Republicans touted the measure as a viable solution to revamping the mostly government-controlled mortgage finance market and said it would better protect taxpayers by dramatically reducing the government's role and spurring participation from private lenders.
Rep. Scott GarrettScott GarrettHuizenga to chair influential subcommittee overseeing Wall Street Congress asserts itself The Hill's 12:30 Report MORE (R-N.J.), a chief sponsor of the bill, said repeatedly on Tuesday that the bill does not end the government guarantee, which will be maintained by the Federal Housing Administration (FHA). Garrett said the FHA would be overhauled to better target low- and moderate-income borrowers and, along with other government entities, would account for about 20 percent of the market.
Still, despite the assurances, Democrats offered several amendments designed to maintain the 30-year fixed-rate mortgage, which they argue would become largely extinct under the bill because it would make the product inaccessible or unaffordable to a majority of borrowers.
Some economists and industry stakeholders have expressed similar concerns with the bill.
Democrats said they backed a bipartisan Senate measure — led by Sens. Mark WarnerMark WarnerGOP, Dems hear different things from Trump Decaying DC bridge puts spotlight on Trump plan Overnight Cybersecurity: Dems split on Manning decision | Assange looking to make deal MORE (D-Va.) and Bob CorkerBob CorkerHaley ready for UN role despite dearth of foreign policy experience Top Dem: Don’t bring Tillerson floor vote if he doesn’t pass committee Trump’s UN pick threads needle on Russia, NATO MORE (R-Tenn.) — that leaves the government guarantee in place across a broader part of the market.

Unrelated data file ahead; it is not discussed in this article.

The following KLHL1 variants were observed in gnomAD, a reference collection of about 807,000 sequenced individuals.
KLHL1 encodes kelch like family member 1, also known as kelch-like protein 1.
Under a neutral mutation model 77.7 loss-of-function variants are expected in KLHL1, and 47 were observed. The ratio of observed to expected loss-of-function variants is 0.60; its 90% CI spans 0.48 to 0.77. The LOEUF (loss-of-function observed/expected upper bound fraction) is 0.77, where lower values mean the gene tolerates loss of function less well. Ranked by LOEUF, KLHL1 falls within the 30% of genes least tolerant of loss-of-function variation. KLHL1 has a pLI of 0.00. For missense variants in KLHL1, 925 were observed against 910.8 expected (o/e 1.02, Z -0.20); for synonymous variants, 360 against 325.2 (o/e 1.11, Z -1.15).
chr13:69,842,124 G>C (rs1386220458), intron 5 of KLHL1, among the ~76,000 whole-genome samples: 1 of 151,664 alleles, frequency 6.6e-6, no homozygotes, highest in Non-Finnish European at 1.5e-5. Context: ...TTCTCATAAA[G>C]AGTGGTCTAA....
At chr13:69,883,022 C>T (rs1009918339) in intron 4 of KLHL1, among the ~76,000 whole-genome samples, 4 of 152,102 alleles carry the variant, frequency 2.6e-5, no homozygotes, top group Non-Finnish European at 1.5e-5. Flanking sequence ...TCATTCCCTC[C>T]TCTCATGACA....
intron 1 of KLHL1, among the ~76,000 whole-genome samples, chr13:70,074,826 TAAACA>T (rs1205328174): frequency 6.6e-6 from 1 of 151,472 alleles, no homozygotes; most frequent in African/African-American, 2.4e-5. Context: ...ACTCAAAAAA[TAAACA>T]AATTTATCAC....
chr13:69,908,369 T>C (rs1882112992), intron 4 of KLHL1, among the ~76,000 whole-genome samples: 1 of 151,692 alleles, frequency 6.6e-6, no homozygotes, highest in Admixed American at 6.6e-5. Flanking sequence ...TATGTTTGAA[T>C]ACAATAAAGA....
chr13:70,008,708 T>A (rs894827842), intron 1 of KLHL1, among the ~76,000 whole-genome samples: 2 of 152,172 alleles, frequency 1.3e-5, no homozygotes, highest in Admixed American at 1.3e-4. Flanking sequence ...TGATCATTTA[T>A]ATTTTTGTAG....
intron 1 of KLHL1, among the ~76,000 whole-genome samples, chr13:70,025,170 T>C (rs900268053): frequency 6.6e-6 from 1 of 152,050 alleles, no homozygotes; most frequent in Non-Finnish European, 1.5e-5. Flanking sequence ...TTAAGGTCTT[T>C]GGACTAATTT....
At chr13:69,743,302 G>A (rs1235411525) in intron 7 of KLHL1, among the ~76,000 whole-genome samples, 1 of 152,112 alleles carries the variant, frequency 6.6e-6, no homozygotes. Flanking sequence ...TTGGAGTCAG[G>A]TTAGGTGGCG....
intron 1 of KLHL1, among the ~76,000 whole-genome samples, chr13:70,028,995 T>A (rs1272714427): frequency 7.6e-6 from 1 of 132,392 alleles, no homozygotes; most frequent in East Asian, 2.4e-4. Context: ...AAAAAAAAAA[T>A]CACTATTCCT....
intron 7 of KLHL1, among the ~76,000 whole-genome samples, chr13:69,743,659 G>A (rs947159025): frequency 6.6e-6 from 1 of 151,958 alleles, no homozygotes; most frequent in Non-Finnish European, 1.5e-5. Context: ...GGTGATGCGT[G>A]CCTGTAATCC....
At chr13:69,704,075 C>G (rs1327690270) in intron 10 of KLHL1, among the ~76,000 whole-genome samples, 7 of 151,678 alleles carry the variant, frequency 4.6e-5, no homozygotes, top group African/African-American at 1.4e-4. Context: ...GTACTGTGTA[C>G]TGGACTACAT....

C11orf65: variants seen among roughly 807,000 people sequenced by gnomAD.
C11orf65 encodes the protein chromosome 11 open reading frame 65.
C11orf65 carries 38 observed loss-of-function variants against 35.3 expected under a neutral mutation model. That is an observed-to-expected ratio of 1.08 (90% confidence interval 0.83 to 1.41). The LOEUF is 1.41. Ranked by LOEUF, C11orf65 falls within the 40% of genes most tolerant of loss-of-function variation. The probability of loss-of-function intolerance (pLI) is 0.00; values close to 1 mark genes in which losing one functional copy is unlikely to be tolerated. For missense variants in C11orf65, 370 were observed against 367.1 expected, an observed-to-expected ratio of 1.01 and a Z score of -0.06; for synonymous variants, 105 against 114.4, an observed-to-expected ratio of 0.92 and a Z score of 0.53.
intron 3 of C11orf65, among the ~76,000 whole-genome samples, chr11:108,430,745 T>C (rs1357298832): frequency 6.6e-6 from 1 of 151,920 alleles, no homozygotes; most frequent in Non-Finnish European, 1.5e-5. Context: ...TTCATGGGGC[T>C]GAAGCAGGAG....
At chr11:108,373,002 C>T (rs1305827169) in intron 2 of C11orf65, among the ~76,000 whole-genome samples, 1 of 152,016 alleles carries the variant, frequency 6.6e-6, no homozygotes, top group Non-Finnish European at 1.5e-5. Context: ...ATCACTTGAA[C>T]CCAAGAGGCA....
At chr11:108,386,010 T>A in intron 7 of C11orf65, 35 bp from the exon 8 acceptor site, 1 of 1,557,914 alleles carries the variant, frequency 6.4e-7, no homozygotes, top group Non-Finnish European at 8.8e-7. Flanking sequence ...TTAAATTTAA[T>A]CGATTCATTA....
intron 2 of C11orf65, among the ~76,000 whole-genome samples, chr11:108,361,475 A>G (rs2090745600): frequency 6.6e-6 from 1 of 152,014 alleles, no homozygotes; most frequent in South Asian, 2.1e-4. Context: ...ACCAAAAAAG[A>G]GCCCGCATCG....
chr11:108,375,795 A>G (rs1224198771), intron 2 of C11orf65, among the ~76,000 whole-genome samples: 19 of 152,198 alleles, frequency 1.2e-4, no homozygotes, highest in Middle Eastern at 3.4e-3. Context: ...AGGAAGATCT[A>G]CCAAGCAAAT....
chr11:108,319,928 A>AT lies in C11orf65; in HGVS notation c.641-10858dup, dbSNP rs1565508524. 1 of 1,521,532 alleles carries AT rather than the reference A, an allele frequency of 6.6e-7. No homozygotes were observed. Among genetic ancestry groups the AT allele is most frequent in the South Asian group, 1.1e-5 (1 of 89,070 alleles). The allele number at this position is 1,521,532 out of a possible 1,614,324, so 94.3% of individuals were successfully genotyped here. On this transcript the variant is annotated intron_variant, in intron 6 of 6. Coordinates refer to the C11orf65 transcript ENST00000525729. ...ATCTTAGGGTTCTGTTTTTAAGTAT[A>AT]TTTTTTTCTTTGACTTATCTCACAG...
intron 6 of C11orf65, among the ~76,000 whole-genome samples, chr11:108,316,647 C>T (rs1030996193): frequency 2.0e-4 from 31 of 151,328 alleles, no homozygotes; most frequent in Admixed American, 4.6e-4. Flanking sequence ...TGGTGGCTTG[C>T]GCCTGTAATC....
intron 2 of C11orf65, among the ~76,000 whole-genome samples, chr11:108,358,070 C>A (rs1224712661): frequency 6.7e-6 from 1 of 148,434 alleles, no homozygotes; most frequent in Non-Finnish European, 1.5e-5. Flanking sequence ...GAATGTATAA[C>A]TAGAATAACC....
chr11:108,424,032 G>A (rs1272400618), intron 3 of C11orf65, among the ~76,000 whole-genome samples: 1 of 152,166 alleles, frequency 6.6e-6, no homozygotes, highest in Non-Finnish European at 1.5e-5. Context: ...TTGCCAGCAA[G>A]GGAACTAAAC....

The Republican measure has gotten some industry support, especially on the bill's delay of qualified mortgage rules that are set to go into effect in January and are required under the three-year-old Dodd-Frank financial reform law.
The hearing underscored the complexity of the issue. In order for legislation to get through Congress, lawmakers will have to choose from a slew of ideas from both parties and players in the housing industry.